Date: April 3, 2017
Source: Virginia Tech
Summary: Mobile phones have increasingly become the repository for the details that drive our everyday lives. But researchers have recently discovered that the same apps we regularly use on our phones to organize lunch dates, make convenient online purchases, and communicate the most intimate details of our existence have secretly been colluding to mine our information.
Associate Professor Daphne Yao and Assistant Professor Gang Wang, both in the Department of Computer Science in Virginia Tech¹s College of Engineering, are part of a research team to conduct the first ever large-scale and systematic study of exactly how the trusty apps on Android phones are able to talk to one another and trade information.
Yao will present the team¹s findings in Dubai at the Association for Computing Machinery Asia Computer and Communications Security Conference on April 3.
“Researchers were aware that apps may talk to one another in some way, shape, or form,” said Wang. “What this study shows undeniably with real-world evidence over and over again is that app behavior, whether it is intentional or not, can pose a security breach depending on the kinds of apps you have on your phone.”
The types of threats fall into two major categories, either a malware app that is specifically designed to launch a cyberattack or apps that simply allow for collusion and privilege escalation. In the latter category, it is not possible to quantify the intention of the developer, so collusion, while still a security breach, can in many cases be unintentional.
In order to run the programs to test pairs of apps, the team developed a tool called DIALDroid to perform their massive inter-app security analysis. The study, funded by the Defense Advanced Research Projects Agency as part of its Automated Program Analysis for Cybersecurity initiative, took 6,340 hours using the newly developed DIALDroid software, a task that would have been considerably longer without it.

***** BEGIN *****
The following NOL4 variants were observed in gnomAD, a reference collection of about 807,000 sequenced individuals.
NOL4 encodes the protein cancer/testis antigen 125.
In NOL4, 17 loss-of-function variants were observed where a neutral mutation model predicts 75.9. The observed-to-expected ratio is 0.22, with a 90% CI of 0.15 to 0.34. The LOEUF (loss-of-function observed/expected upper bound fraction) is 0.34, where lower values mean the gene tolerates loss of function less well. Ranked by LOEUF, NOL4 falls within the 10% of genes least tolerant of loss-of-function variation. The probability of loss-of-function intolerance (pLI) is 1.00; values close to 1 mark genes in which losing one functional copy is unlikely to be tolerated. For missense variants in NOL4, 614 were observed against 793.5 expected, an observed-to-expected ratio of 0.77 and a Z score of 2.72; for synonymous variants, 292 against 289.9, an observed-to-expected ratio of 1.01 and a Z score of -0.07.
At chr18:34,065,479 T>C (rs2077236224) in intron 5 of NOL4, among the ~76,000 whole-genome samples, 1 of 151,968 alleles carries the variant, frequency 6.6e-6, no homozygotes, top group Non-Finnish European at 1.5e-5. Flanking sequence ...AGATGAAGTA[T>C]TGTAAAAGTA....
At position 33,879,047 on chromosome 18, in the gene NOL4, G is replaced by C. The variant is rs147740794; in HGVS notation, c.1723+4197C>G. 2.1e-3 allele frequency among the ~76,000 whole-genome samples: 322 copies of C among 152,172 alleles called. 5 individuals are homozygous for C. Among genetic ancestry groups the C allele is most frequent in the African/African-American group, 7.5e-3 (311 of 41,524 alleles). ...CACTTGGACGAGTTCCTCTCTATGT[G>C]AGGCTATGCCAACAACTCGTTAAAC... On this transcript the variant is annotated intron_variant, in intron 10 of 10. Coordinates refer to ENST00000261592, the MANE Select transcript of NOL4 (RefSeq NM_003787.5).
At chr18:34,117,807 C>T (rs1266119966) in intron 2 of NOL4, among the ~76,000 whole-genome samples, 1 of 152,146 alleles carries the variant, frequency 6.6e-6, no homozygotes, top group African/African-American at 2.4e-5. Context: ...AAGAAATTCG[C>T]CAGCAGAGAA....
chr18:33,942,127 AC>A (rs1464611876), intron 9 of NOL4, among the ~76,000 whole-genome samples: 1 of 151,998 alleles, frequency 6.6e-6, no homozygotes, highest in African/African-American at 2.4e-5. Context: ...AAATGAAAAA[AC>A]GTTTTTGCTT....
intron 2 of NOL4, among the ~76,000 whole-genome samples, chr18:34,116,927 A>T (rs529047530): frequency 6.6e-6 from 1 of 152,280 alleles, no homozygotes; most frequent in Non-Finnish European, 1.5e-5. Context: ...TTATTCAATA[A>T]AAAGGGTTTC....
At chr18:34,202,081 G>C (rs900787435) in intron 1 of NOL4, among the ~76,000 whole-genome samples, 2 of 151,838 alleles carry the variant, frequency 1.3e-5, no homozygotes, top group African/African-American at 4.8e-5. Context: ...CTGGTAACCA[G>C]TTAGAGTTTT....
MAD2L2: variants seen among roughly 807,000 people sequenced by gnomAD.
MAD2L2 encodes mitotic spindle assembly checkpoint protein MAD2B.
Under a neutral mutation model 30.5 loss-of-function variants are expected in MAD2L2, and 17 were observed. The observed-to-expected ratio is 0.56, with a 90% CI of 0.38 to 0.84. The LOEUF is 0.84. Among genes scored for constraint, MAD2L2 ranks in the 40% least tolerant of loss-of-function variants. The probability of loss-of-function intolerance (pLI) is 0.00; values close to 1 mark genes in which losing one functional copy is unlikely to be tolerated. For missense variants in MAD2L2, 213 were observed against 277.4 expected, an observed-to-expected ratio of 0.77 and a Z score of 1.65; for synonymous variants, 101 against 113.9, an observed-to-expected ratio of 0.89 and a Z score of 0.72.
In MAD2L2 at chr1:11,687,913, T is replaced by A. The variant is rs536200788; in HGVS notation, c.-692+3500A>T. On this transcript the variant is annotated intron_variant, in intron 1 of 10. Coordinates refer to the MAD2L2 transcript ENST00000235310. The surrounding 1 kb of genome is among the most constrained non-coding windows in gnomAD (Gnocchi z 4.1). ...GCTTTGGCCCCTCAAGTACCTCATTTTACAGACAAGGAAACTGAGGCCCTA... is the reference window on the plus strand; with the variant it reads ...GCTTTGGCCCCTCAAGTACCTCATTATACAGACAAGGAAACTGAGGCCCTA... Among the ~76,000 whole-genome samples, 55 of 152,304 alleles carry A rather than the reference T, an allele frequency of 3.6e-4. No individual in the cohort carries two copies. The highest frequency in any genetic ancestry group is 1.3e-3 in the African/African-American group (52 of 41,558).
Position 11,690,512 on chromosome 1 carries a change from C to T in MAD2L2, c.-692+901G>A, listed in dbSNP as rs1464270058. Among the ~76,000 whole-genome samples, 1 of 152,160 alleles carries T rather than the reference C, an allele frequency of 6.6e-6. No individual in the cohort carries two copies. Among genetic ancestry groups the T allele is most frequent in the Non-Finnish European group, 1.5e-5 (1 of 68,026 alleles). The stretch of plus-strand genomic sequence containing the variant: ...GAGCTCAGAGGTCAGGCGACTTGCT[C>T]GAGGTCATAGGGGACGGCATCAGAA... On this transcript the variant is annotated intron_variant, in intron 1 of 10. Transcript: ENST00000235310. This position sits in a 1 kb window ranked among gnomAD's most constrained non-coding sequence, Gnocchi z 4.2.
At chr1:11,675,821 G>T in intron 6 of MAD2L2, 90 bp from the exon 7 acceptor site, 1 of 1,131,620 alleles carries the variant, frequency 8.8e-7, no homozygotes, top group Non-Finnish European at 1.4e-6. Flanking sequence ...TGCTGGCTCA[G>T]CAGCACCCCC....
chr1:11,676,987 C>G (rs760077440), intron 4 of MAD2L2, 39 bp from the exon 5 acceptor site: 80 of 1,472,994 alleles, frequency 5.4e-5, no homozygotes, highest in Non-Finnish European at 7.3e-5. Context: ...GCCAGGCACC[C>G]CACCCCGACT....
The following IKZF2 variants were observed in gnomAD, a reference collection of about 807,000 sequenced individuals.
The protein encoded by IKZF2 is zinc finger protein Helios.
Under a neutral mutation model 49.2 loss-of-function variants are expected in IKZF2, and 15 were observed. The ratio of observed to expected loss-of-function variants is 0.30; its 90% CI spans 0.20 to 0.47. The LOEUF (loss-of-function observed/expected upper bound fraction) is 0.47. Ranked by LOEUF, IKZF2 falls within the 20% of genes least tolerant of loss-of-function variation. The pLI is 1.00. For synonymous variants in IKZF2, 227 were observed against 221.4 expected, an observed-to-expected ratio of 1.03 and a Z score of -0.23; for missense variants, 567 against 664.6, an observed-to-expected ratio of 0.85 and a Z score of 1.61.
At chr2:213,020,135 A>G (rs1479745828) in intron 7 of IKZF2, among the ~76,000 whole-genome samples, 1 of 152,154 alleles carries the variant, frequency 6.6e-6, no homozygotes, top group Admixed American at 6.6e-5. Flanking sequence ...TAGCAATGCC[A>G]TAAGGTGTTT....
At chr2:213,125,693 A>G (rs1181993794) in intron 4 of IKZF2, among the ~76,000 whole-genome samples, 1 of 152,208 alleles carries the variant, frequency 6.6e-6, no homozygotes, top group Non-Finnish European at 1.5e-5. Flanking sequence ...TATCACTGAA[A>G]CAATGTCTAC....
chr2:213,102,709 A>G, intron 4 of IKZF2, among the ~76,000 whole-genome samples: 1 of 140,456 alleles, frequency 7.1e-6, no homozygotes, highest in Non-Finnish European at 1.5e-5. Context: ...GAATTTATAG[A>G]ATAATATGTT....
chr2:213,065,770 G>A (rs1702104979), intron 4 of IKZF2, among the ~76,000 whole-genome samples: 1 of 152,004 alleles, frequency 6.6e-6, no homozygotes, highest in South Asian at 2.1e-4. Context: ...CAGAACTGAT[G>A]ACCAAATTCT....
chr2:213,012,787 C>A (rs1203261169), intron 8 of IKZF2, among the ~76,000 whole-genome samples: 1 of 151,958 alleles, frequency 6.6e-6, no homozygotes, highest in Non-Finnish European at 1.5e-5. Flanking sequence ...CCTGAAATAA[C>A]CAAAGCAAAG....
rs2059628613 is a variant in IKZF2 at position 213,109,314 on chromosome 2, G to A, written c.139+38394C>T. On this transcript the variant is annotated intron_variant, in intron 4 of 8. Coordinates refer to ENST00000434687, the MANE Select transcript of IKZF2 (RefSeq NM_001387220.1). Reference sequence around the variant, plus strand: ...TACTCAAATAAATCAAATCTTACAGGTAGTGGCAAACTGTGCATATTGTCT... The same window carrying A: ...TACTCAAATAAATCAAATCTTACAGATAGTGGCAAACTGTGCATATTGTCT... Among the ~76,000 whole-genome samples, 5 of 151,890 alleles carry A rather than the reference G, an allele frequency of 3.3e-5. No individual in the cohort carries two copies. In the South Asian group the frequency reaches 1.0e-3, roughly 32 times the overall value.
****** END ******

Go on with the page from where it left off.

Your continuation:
First author of the paper Amiangshu Bosu, an assistant professor at Southern Illinois University, spearheaded the software development effort and the push to release the code to the wider research community. Fang Liu, a fifth year Ph.D. candidate studying under Yao, also contributed to the malware detection research.
“Our team was able to exploit the strengths of relational databases to complete the analysis, in combination with efficient static program analysis, workflow engineering and optimization, and the utilization of high performance computing. Of the apps we studied, we found thousands of pairs of apps that could potentially leak sensitive phone or personal information and allow unauthorized apps to gain access to privileged data,” said Yao, who is both an Elizabeth and James E. Turner Jr. ’56 and L-3 Faculty Fellow.
The team studied a whopping 110,150 apps over three years including 100,206 of Google Play¹s most popular apps and 9,994 malware apps from Virus Share, a private collection of malware app samples. The set up for cybersecurity leaks works when a seemingly innocuous sender app like that handy and ubiquitous flashlight app works in tandem with a receiver app to divulge a user¹s information such as contacts, geolocation, or provide access to the web.
The team found that the biggest security risks were some of the least utilitarian. Apps that pertained to personalization of ringtones, widgets, and emojis.
“App security is a little like the Wild West right now with few regulations,” said Wang. “We hope this paper will be a source for the industry to consider re-examining their software development practices and incorporate safeguards on the front end. While we can¹t quantify what the intention is for app developers in the non-malware cases we can at least raise awareness of this security problem with mobile apps for consumers who previosuly may not have thought much about what they were downloading onto their phones.”